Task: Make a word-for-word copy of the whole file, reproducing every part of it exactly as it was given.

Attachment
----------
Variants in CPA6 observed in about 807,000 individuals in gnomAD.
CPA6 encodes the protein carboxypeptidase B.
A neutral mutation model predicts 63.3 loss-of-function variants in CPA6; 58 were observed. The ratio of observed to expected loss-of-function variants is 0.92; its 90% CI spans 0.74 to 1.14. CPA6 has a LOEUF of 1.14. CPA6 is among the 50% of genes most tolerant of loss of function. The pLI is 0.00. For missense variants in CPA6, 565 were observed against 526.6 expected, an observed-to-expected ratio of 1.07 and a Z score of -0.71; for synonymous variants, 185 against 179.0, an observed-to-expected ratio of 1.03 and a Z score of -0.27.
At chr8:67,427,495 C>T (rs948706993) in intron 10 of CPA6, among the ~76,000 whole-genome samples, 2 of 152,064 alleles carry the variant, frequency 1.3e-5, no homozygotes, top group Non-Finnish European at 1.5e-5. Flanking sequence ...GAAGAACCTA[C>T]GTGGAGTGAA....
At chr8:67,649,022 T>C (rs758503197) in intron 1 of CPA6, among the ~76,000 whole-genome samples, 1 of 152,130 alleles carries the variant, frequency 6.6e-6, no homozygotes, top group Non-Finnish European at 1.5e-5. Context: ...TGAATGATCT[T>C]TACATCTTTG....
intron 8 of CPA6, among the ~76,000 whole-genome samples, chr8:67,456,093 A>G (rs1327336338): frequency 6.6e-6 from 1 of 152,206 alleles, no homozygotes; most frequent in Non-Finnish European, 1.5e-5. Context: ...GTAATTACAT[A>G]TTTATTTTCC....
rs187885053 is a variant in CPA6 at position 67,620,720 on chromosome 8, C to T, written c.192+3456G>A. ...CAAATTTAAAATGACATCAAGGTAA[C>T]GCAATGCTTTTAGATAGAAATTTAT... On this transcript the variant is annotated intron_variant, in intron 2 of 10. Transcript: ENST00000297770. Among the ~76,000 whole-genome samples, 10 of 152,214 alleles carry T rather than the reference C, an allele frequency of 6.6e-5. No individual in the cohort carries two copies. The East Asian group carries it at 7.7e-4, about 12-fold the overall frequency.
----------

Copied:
Variants in CPA6 observed in about 807,000 individuals in gnomAD.
CPA6 encodes the protein carboxypeptidase B.
A neutral mutation model predicts 63.3 loss-of-function variants in CPA6; 58 were observed. The ratio of observed to expected loss-of-function variants is 0.92; its 90% CI spans 0.74 to 1.14. CPA6 has a LOEUF of 1.14. CPA6 is among the 50% of genes most tolerant of loss of function. The pLI is 0.00. For missense variants in CPA6, 565 were observed against 526.6 expected, an observed-to-expected ratio of 1.07 and a Z score of -0.71; for synonymous variants, 185 against 179.0, an observed-to-expected ratio of 1.03 and a Z score of -0.27.
At chr8:67,427,495 C>T (rs948706993) in intron 10 of CPA6, among the ~76,000 whole-genome samples, 2 of 152,064 alleles carry the variant, frequency 1.3e-5, no homozygotes, top group Non-Finnish European at 1.5e-5. Flanking sequence ...GAAGAACCTA[C>T]GTGGAGTGAA....
At chr8:67,649,022 T>C (rs758503197) in intron 1 of CPA6, among the ~76,000 whole-genome samples, 1 of 152,130 alleles carries the variant, frequency 6.6e-6, no homozygotes, top group Non-Finnish European at 1.5e-5. Context: ...TGAATGATCT[T>C]TACATCTTTG....
intron 8 of CPA6, among the ~76,000 whole-genome samples, chr8:67,456,093 A>G (rs1327336338): frequency 6.6e-6 from 1 of 152,206 alleles, no homozygotes; most frequent in Non-Finnish European, 1.5e-5. Context: ...GTAATTACAT[A>G]TTTATTTTCC....
rs187885053 is a variant in CPA6 at position 67,620,720 on chromosome 8, C to T, written c.192+3456G>A. ...CAAATTTAAAATGACATCAAGGTAA[C>T]GCAATGCTTTTAGATAGAAATTTAT... On this transcript the variant is annotated intron_variant, in intron 2 of 10. Transcript: ENST00000297770. Among the ~76,000 whole-genome samples, 10 of 152,214 alleles carry T rather than the reference C, an allele frequency of 6.6e-5. No individual in the cohort carries two copies. The East Asian group carries it at 7.7e-4, about 12-fold the overall frequency.